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The next recession in the U.S. could be triggered by still-restrictive Federal Reserve policy unless the central bank makes a committed and sustained effort to lower interest rates, Stifel's Barry Bannister says.
Bannister, the firm's head of institutional equity strategy, wrote in a note Thursday that the fed funds rate is too high relative to the neutral rate, the theoretical level at which policy neither fuels nor inhibits economic growth. Monetary policy that is too tight could hinder U.S. economic growth and even spark a recession. The Fed's target rate range is between 2% and 2.25% after a cut of 25 basis points in July.
Recession fears have risen recently amid warnings from the bond market while the U.S.-China trade war rages on. This has led to a sharp rise in stock market volatility over the past month.
"Rates signal a bear market, and Fed hesitations risk a repeat of Custer's last stand at Little Big Horn," Bannister wrote, referring to the 1876 battle between U.S. forces led by Gen. George Custer and several Native American tribes. "The Fed should quickly go below neutral, since crises occur at progressively lower 'spreads' to neutral."
The 10-year Treasury note yield is currently trading below its 3-month counterpart. This is a phenomenon called a yield-curve inversion. Experts fear when the yield curve inverts because it has historically been followed by a recession.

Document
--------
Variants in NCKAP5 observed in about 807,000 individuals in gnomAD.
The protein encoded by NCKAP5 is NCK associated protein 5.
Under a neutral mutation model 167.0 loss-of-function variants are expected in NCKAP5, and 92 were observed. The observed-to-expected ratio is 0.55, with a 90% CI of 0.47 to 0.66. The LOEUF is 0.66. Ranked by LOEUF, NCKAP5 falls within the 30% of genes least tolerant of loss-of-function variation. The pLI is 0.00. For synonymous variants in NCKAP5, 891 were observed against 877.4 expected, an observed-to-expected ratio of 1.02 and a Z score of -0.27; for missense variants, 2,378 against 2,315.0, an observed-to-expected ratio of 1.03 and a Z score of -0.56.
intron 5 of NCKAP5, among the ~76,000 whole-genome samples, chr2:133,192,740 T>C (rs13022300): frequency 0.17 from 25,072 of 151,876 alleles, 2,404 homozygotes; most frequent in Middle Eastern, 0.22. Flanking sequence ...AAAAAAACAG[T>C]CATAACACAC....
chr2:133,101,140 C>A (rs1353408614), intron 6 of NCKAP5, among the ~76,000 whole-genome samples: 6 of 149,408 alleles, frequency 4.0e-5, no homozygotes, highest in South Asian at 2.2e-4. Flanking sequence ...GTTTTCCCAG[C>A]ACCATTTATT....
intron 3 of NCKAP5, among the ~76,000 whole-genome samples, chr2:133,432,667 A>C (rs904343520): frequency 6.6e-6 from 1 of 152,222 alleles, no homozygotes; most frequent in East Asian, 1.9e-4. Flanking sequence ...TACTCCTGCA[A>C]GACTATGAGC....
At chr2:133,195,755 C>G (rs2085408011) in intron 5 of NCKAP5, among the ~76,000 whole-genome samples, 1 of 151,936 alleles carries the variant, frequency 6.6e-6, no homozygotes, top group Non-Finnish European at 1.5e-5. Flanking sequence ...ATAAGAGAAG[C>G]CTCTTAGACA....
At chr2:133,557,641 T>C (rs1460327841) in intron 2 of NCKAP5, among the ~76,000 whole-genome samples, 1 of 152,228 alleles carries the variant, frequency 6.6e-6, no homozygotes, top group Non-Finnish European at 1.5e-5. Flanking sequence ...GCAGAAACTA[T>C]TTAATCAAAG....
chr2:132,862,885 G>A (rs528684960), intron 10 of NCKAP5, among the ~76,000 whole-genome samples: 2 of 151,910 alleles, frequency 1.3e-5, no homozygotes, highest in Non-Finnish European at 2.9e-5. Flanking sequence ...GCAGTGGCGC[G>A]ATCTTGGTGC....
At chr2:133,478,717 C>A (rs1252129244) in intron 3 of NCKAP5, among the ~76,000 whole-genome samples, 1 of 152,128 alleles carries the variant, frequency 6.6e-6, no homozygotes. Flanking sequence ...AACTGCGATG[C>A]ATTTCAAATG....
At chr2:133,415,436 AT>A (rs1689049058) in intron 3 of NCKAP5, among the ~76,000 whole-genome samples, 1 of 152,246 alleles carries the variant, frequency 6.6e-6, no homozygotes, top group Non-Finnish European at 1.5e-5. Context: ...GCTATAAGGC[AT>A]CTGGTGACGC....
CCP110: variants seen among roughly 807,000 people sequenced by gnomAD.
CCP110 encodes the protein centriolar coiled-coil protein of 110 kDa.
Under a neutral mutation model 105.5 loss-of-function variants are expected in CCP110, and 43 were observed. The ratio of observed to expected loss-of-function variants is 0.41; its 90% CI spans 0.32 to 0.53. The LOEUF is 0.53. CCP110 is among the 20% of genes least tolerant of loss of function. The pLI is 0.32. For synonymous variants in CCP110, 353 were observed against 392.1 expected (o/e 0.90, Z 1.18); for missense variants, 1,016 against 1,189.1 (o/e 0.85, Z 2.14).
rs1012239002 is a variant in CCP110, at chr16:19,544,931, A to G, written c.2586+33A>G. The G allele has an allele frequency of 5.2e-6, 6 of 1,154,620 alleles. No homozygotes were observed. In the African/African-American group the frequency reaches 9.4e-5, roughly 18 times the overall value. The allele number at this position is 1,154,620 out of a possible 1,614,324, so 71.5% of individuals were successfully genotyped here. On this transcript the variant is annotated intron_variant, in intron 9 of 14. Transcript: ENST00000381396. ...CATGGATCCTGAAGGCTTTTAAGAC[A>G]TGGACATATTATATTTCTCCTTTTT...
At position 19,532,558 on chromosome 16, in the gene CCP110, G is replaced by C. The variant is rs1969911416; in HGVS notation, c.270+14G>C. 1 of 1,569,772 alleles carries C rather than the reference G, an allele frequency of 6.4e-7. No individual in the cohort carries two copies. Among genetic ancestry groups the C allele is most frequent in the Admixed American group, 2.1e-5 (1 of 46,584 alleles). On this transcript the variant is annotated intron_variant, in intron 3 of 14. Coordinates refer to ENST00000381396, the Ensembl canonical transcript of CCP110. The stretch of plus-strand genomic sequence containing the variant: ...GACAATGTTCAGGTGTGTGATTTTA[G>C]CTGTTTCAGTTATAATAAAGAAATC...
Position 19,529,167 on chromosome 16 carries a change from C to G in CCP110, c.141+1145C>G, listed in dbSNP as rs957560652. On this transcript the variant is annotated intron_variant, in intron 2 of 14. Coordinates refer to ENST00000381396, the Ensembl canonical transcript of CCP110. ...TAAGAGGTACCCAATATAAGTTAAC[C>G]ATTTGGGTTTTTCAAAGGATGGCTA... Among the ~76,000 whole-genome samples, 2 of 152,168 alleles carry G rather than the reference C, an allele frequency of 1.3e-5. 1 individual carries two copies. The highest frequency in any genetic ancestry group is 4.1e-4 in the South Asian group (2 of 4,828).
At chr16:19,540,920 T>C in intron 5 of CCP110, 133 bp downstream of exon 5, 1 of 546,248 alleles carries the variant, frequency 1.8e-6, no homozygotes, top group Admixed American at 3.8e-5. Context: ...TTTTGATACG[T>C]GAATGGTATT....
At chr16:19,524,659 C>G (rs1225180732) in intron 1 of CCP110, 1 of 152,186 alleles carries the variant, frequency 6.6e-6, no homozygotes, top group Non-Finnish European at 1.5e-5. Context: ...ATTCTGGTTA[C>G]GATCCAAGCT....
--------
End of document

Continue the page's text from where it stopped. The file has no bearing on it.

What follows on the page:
Bannister points out that the 50-day moving average, a technical level watched by traders and strategists, for the 10-year-3-month yield curve also inverted in late June. In the past 50 years, this has preceded a recession by an average of 10.5 months "with no false recession signals." Stocks typically don't do well in recessions.
The S&P 500 averages a loss of 32% when the U.S. economy enters a recession, Bannister said. A 32% drop from Wednesday's close of 2,887.94 would take the S&P 500 down to 1,963.78.
Recession fears, along with worries over the trade war, have already taken their toll on stocks. The S&P 500 is down more than 3% over the past month.
To be sure, the U.S. economy is still growing at a solid pace. The economy expanded by 2% in the second quarter while consumer confidence remains near its highest level since 2000. Also, some experts think the yield-curve inversion is a byproduct of easier monetary policy abroad. The European Central Bank and the People's Bank of China, for example, have pointed to more monetary stimulus moving forward.
The Fed raised rates four times in 2018, with the last one sparking a massive stock sell-off in December. Changes in Fed monetary policy heavily influence Treasury yields, particularly along the short end of the yield curve. The longer end of the curve — 10-year note and 30-year bond rates, for example — are more subjected to conditions in the open market.
"In 4Q18, the Fed vastly over-shot and must quickly cut or a major bear market may result," Bannister wrote.
Easier monetary policy measures, such as rate cuts, could steepen the yield curve and would bring the fed funds rate back below the neutral level. However, the Fed needs to be aggressive when cutting rates, Bannister said.
Even if the Fed cuts rates by another 25 basis points in September, as is widely expected, "policy would still be too tight," said Bannister, whose recent market calls, including the 10% correction in early 2018, have panned out.
"Having reached neutral in 4Q18 and pressuring the market, time is running out for the Fed to cut," he wrote.